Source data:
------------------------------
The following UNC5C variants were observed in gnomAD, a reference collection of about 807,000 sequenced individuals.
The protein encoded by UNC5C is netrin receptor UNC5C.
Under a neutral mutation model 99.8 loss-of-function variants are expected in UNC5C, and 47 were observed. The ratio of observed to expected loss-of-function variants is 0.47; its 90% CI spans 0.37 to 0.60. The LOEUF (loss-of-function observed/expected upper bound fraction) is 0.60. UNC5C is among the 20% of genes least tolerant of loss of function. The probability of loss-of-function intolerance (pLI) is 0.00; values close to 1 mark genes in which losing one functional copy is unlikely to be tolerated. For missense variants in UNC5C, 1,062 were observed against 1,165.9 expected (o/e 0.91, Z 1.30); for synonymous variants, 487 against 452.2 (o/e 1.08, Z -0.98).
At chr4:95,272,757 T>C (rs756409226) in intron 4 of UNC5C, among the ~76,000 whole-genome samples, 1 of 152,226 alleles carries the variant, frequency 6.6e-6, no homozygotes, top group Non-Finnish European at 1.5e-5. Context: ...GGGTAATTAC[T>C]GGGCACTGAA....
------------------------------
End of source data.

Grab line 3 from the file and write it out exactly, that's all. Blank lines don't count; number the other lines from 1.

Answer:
Under a neutral mutation model 99.8 loss-of-function variants are expected in UNC5C, and 47 were observed. The ratio of observed to expected loss-of-function variants is 0.47; its 90% CI spans 0.37 to 0.60. The LOEUF (loss-of-function observed/expected upper bound fraction) is 0.60. UNC5C is among the 20% of genes least tolerant of loss of function. The probability of loss-of-function intolerance (pLI) is 0.00; values close to 1 mark genes in which losing one functional copy is unlikely to be tolerated. For missense variants in UNC5C, 1,062 were observed against 1,165.9 expected (o/e 0.91, Z 1.30); for synonymous variants, 487 against 452.2 (o/e 1.08, Z -0.98).